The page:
Deaf Peoples' Brains Rewire to 'Hear' Touch and Sight
Losing one sense - sight, sound, or any other - can significantly shift the way the brain works. A new study finds that deaf people perceive touch with the part of the brain hearing people use for sound.
Christina M. Karns, a postdoctoral research associate in the Brain Development Lab at the University of Oregon, Eugene, and her colleagues used MRI imaging to capture the brain activity of deaf people when responding to touch. They found that losing the ability to hear can change how deaf people process touch.
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Using a specially designed headset which stimulates vision with a flash of light to the eye and calls on the sense of touch with puffs of air delivered to the eyebrow and cheeks, they compared the brain responses of 13 deaf participants with 12 hearing people stimulated with the headsets while undergoing an MRI scan, which reveals blood flow to active parts of the brain.
They found that unlike their hearing counterparts, the deaf participants were experiencing both the visual and touch cues using the part of the brain normally reserved for hearing - a place called the Heschl's gyrus in the auditory cortex.
"They really feel touch in their auditory cortex," lead author Christina M. Karns told The Atlantic."What we found is, in people born deaf the hearing part of the brain processes touch and, to a lesser degree, vision. And this wasn't the case at all for the hearing people."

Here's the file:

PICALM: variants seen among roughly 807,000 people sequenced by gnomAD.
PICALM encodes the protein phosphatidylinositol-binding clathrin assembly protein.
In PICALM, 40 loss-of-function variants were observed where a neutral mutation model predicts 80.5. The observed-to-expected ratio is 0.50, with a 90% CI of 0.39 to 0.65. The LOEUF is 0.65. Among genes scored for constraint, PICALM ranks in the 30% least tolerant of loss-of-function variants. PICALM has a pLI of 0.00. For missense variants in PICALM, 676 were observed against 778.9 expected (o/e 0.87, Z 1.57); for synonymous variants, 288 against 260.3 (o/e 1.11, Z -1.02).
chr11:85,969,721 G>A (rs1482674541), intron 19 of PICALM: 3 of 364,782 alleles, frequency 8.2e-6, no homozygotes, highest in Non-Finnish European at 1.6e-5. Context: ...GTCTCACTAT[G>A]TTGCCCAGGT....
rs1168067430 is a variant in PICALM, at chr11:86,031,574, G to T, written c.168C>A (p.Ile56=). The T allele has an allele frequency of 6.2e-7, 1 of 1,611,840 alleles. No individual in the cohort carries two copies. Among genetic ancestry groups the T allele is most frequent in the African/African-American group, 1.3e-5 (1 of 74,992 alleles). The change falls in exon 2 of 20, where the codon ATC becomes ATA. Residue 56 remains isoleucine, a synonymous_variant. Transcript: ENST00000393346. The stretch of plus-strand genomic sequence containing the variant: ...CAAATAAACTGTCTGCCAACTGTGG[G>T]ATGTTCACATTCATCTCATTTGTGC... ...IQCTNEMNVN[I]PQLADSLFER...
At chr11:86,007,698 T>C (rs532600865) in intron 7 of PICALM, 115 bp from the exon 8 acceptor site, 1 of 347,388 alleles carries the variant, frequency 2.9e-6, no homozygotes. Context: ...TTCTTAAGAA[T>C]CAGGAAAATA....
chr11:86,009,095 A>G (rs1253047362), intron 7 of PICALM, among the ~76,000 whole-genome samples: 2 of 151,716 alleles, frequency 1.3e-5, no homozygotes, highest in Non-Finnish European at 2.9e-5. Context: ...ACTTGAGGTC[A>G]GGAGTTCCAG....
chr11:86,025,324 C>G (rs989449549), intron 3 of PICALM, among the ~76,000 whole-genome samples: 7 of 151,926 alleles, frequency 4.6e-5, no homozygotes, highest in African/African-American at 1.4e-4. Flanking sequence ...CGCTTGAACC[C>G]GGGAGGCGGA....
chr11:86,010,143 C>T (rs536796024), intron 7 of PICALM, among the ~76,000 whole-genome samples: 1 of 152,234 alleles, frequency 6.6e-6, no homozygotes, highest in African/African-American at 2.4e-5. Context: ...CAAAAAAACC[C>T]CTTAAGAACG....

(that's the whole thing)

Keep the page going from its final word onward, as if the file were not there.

The researchers used previous knowledge of a perceptual illusion in hearing people known as a the 'auditory induced double flash', which happens when a single flash of light paired with two auditory events is perceived as multiple flashes of light. Imagine a flash of lightning followed by two short cracks - most hearing people would report they had seen two flashes of light because of the auditory cues.
When the researchers used a double-puff of air as the touch-based stimulus paired with a single flash of light, hearing people claimed to see only a single flash. But deaf subjects saw two flashes. The brain scans of those who saw the double flash showed higher activity in Heschl's gyrus. Deaf individuals with the highest levels of activity in the primary auditory cortex in response to touch also had the strongest response to the illusion.
"We designed this study because we thought that touch and vision might have stronger interactions in the auditory cortices of deaf people," said Karns, according to Medical Daily." As it turns out, the primary auditory cortex in people who are profoundly deaf focuses on touch, even more than vision, in our experiment."
"This research shows how the brain is capable of rewiring in dramatic ways," said James F. Battey, Jr., director of the National Institute of Deafness and Other Communication Disorders. "This will be of great interest to other researchers who are studying multisensory processing in the brain."
The researchers suggest that the finding could advance learning tactics for deaf people. They said that if touch and vision interact more in the deaf, touch could be used to help deaf students learn math or reading.
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